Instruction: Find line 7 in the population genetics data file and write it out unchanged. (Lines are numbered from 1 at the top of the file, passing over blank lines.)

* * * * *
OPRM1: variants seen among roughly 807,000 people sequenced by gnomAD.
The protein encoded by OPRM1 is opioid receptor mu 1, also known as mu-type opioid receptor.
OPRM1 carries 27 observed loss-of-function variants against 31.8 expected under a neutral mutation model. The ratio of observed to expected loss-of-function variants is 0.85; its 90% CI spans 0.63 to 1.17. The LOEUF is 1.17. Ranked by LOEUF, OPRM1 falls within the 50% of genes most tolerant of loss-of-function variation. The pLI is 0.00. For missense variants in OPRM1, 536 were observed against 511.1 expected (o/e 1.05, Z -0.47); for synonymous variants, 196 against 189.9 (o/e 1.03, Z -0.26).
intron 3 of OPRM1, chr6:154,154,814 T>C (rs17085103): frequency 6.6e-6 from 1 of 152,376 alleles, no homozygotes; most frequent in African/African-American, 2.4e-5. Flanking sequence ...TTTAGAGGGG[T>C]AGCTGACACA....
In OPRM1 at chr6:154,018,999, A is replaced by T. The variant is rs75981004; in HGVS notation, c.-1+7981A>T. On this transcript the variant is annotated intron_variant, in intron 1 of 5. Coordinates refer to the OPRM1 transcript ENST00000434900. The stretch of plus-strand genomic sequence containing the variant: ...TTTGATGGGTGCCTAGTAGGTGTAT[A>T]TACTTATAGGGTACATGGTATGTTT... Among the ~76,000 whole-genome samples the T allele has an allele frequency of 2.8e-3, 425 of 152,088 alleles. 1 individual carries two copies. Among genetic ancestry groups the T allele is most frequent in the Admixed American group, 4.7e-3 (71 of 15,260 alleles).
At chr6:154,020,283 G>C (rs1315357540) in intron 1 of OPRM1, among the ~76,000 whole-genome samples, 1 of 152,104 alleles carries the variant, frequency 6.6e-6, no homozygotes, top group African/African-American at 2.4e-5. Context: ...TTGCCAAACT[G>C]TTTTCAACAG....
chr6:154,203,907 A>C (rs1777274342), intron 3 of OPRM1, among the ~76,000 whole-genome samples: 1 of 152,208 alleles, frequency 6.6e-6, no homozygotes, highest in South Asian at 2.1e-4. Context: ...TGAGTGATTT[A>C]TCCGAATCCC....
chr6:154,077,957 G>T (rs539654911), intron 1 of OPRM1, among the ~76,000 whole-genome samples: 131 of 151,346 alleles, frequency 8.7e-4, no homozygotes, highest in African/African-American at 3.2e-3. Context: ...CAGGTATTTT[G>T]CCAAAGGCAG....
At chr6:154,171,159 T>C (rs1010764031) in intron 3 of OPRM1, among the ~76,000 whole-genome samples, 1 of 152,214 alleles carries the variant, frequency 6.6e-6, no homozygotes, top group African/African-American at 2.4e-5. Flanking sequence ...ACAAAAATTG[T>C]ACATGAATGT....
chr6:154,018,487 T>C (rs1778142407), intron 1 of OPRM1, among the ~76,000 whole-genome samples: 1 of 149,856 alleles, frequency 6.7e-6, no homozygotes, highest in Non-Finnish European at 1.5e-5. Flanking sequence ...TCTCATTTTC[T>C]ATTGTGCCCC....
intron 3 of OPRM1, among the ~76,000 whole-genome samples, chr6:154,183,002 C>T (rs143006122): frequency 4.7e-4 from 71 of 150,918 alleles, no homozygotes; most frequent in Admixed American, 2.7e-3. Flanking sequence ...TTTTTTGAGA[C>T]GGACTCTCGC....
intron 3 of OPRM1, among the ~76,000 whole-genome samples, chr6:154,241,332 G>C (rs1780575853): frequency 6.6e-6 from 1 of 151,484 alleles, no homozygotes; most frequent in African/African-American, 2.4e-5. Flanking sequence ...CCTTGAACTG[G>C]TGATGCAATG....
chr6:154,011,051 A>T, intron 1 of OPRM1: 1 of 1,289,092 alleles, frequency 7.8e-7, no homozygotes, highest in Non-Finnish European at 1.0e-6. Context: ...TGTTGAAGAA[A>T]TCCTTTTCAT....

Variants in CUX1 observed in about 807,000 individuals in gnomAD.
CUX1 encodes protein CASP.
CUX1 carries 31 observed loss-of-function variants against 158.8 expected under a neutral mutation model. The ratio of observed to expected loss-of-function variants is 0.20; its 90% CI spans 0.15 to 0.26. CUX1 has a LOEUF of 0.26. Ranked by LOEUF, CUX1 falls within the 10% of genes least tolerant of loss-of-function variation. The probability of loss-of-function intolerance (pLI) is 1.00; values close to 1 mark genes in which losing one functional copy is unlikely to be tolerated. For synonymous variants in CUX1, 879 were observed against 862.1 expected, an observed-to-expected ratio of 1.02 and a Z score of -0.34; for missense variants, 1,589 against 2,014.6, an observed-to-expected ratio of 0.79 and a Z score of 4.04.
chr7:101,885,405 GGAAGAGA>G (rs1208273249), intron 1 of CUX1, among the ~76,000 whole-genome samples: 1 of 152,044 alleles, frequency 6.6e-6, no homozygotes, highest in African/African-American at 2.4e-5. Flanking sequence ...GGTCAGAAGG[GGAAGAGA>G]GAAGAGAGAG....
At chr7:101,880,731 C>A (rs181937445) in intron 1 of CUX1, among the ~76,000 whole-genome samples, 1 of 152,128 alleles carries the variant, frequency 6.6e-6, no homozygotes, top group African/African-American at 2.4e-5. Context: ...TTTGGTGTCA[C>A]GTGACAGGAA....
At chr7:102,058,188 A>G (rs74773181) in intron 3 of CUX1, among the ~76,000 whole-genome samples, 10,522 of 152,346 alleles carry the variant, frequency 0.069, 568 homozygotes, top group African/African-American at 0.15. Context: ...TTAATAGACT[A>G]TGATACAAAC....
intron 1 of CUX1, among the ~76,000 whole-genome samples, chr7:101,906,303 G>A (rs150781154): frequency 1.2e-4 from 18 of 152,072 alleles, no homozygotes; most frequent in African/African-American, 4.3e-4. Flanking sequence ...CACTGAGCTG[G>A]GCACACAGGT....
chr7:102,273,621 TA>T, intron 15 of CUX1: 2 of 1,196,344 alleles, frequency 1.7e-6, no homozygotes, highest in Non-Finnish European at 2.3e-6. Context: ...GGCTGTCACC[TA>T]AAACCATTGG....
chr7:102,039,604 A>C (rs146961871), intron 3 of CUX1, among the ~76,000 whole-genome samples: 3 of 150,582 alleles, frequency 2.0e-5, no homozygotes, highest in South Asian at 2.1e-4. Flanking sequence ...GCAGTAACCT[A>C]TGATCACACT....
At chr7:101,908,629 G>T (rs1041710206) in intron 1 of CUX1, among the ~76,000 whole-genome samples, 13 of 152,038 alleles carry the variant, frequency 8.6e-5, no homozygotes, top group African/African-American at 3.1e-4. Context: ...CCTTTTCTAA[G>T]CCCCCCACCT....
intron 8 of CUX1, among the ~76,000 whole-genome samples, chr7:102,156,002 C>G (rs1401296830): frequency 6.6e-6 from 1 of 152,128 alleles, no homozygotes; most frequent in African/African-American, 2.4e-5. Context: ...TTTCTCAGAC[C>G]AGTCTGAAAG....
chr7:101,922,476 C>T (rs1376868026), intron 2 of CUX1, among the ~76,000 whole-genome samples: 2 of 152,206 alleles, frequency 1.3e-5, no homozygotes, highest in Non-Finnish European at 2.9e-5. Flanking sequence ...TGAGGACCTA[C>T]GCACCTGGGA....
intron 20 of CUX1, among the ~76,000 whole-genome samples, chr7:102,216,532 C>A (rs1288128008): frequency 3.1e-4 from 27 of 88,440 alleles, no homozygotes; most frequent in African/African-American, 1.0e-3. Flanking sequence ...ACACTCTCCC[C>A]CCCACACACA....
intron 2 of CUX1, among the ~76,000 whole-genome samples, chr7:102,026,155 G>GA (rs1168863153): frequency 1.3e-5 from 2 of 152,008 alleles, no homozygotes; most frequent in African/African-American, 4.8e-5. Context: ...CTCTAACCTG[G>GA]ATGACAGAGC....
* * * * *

chr6:154,203,907 A>C (rs1777274342), intron 3 of OPRM1, among the ~76,000 whole-genome samples: 1 of 152,208 alleles, frequency 6.6e-6, no homozygotes, highest in South Asian at 2.1e-4. Context: ...TGAGTGATTT[A>C]TCCGAATCCC....